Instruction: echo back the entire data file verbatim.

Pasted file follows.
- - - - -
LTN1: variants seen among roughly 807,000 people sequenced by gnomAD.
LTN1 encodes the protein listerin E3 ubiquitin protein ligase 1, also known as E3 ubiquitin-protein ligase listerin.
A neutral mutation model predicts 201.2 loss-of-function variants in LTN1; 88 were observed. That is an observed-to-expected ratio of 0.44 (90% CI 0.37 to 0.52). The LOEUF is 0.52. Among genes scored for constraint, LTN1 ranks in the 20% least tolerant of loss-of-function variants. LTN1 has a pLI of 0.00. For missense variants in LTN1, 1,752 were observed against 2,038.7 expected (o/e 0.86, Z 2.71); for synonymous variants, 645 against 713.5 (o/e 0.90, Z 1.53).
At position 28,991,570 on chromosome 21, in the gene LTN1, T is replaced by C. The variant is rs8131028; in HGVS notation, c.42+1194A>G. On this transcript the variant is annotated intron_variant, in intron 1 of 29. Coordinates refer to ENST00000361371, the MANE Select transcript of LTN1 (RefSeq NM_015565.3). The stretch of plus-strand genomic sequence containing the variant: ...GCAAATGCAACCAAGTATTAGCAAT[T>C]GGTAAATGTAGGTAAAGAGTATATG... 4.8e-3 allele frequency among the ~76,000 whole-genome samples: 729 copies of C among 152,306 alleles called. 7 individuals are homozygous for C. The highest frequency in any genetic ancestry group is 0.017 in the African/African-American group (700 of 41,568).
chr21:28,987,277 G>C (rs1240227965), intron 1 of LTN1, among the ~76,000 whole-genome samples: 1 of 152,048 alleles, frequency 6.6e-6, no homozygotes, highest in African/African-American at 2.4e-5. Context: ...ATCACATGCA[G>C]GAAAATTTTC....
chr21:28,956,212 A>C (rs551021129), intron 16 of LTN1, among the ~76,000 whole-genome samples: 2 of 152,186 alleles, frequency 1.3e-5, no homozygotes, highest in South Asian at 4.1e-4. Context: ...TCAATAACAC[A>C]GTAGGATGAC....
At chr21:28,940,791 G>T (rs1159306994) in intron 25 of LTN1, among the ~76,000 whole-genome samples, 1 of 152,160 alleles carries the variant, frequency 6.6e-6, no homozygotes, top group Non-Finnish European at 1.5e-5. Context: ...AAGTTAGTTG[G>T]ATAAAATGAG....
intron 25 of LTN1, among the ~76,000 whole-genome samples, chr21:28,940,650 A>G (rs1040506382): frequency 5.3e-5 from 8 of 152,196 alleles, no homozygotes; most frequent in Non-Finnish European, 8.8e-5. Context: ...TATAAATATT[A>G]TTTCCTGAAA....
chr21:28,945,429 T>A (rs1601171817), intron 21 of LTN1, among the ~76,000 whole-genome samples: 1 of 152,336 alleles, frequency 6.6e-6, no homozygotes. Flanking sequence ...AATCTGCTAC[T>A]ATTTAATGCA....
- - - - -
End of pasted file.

LTN1: variants seen among roughly 807,000 people sequenced by gnomAD.
LTN1 encodes the protein listerin E3 ubiquitin protein ligase 1, also known as E3 ubiquitin-protein ligase listerin.
A neutral mutation model predicts 201.2 loss-of-function variants in LTN1; 88 were observed. That is an observed-to-expected ratio of 0.44 (90% CI 0.37 to 0.52). The LOEUF is 0.52. Among genes scored for constraint, LTN1 ranks in the 20% least tolerant of loss-of-function variants. LTN1 has a pLI of 0.00. For missense variants in LTN1, 1,752 were observed against 2,038.7 expected (o/e 0.86, Z 2.71); for synonymous variants, 645 against 713.5 (o/e 0.90, Z 1.53).
At position 28,991,570 on chromosome 21, in the gene LTN1, T is replaced by C. The variant is rs8131028; in HGVS notation, c.42+1194A>G. On this transcript the variant is annotated intron_variant, in intron 1 of 29. Coordinates refer to ENST00000361371, the MANE Select transcript of LTN1 (RefSeq NM_015565.3). The stretch of plus-strand genomic sequence containing the variant: ...GCAAATGCAACCAAGTATTAGCAAT[T>C]GGTAAATGTAGGTAAAGAGTATATG... 4.8e-3 allele frequency among the ~76,000 whole-genome samples: 729 copies of C among 152,306 alleles called. 7 individuals are homozygous for C. The highest frequency in any genetic ancestry group is 0.017 in the African/African-American group (700 of 41,568).
chr21:28,987,277 G>C (rs1240227965), intron 1 of LTN1, among the ~76,000 whole-genome samples: 1 of 152,048 alleles, frequency 6.6e-6, no homozygotes, highest in African/African-American at 2.4e-5. Context: ...ATCACATGCA[G>C]GAAAATTTTC....
chr21:28,956,212 A>C (rs551021129), intron 16 of LTN1, among the ~76,000 whole-genome samples: 2 of 152,186 alleles, frequency 1.3e-5, no homozygotes, highest in South Asian at 4.1e-4. Context: ...TCAATAACAC[A>C]GTAGGATGAC....
At chr21:28,940,791 G>T (rs1159306994) in intron 25 of LTN1, among the ~76,000 whole-genome samples, 1 of 152,160 alleles carries the variant, frequency 6.6e-6, no homozygotes, top group Non-Finnish European at 1.5e-5. Context: ...AAGTTAGTTG[G>T]ATAAAATGAG....
intron 25 of LTN1, among the ~76,000 whole-genome samples, chr21:28,940,650 A>G (rs1040506382): frequency 5.3e-5 from 8 of 152,196 alleles, no homozygotes; most frequent in Non-Finnish European, 8.8e-5. Context: ...TATAAATATT[A>G]TTTCCTGAAA....
chr21:28,945,429 T>A (rs1601171817), intron 21 of LTN1, among the ~76,000 whole-genome samples: 1 of 152,336 alleles, frequency 6.6e-6, no homozygotes. Flanking sequence ...AATCTGCTAC[T>A]ATTTAATGCA....